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Please Read/KLEZ monster

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  • Karen Eck
    Got this in my email today -- finally a non-techie article on the KLEZ monster! Please read and forward widely. Thank you. Karen Hello Friends The link and
    Message 1 of 1 , Jun 9, 2002
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      Got this in my email today --
      finally a non-techie article on the KLEZ monster!
      Please read and forward widely. Thank you.
      Karen

      Hello Friends
      The link and article below will be a big help in explaining why so many are having email problems in the past number of days. I urge everyone to make sure that you have a good anti-virus program installed on your computer and update it on a regular basis.
      Bob Weyer
      http://www.wired.com/news/technology/0,1282,52174,00.html

      Klez: Don't Believe 'From' Line
      By Michelle Delio

      2:00 a.m. April 30, 2002 PDT
      Some Internet users have recently received an e-mail message from a dead
      friend. Others have been subscribed to obscure mailing lists. Some have
      lost their Internet access after being accused of spamming, and still
      others have received e-mailed pornography from a priest.

      They're actually experiencing some of the stranger side effects of the
      Klez computer virus.

      These ersatz e-mails containing the virus are creating Klez-provoked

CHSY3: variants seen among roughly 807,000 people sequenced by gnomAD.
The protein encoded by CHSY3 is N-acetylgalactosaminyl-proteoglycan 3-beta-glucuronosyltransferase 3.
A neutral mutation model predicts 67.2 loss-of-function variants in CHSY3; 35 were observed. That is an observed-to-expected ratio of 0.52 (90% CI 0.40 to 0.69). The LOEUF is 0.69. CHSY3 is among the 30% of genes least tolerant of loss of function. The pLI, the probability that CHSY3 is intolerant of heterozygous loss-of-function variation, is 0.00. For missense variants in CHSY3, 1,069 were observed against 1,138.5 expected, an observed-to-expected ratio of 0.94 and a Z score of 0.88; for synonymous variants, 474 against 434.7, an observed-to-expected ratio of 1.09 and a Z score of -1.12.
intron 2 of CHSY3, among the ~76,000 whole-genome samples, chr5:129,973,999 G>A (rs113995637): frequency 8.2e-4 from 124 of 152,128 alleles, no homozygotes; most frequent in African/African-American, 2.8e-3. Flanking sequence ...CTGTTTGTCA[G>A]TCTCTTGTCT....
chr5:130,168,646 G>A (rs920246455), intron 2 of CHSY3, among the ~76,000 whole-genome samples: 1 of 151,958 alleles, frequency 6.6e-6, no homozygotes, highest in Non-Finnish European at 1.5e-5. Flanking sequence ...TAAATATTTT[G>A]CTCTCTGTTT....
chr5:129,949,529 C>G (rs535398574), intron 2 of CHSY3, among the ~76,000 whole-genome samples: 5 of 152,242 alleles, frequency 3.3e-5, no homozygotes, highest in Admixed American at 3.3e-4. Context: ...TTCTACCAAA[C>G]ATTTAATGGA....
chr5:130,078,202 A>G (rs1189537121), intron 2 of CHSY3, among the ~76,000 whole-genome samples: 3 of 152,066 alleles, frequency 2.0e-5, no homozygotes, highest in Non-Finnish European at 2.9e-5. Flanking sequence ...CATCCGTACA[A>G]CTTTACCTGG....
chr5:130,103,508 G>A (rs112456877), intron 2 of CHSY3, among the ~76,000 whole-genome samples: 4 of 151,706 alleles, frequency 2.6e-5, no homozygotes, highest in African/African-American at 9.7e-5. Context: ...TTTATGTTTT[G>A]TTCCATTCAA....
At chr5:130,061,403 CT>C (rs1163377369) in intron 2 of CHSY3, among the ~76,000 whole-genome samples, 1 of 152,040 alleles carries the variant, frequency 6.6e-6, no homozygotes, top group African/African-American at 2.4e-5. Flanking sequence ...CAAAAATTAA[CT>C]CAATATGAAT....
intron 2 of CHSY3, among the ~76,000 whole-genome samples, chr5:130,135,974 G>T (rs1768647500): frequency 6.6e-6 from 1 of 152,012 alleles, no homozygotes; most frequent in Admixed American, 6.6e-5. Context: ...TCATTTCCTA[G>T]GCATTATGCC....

arguments and accusations that are now spreading as fast as the worm
      itself.

      The latest variant of the Klez virus started spreading 10 days ago. The
      virus e-mails itself from infected machines using a bogus "From" address
      randomly plucked from all e-mail addresses stored on an infected
      computer's hard drive or network.

      Recipients of the virus-laden e-mails, not understanding that the "From"
      information is virtually always phony - or even that they have received
      a virus -- have been clogging networks with angry and confused e-mails
      that are causing a great deal of cyber-havoc.

      People signing up for newsletters and mailing lists that they never
      subscribed to has been a major source of frustration for both users and
      the list owners.

      If Klez happens to send an e-mail "from" a user to an e-mail list's
      automatic subscribe address, the list software assumes the e-mail is a
      valid subscription request and begins sending mail to the user.

      A mailing list for fans of the Grammy Award-winning Steely Dan band has
      posted an explanation directed to those who were subscribed to the list
      by the virus.

      "We are not infected with the Klez virus. We don't know if you are
      infected with the Klez virus. You may be. But even if you are not,
      someone out there who is infected has both your address and our address
      on their computer ... and therein lies the problem," the explanation
      reads, in part.

      Even when users understand the source of newsletter-generated e-mails,
      the amount of mail some lists generate is causing problems.

      "Last week I suddenly started getting hundreds of e-mails, daily, with
      information about raising tropical fish, purchasing cosmetics and
      staying in youth hostels," Victor Montez, a sales rep for a publishing
      firm, said. "I do not keep fish, wear makeup or travel rough."

      Montez now understands the e-mails came from Klez-subscribed news lists.
      But he said that since his free e-mail account only stores a certain
      amount of messages, he's lost access to the account twice this week. He
      believes he's also lost a significant amount of business-related
      e-mails.

      "If this keeps up, I may end up having to stay in hostels and I'll have
      plenty of free time to devote to raising fish," he said.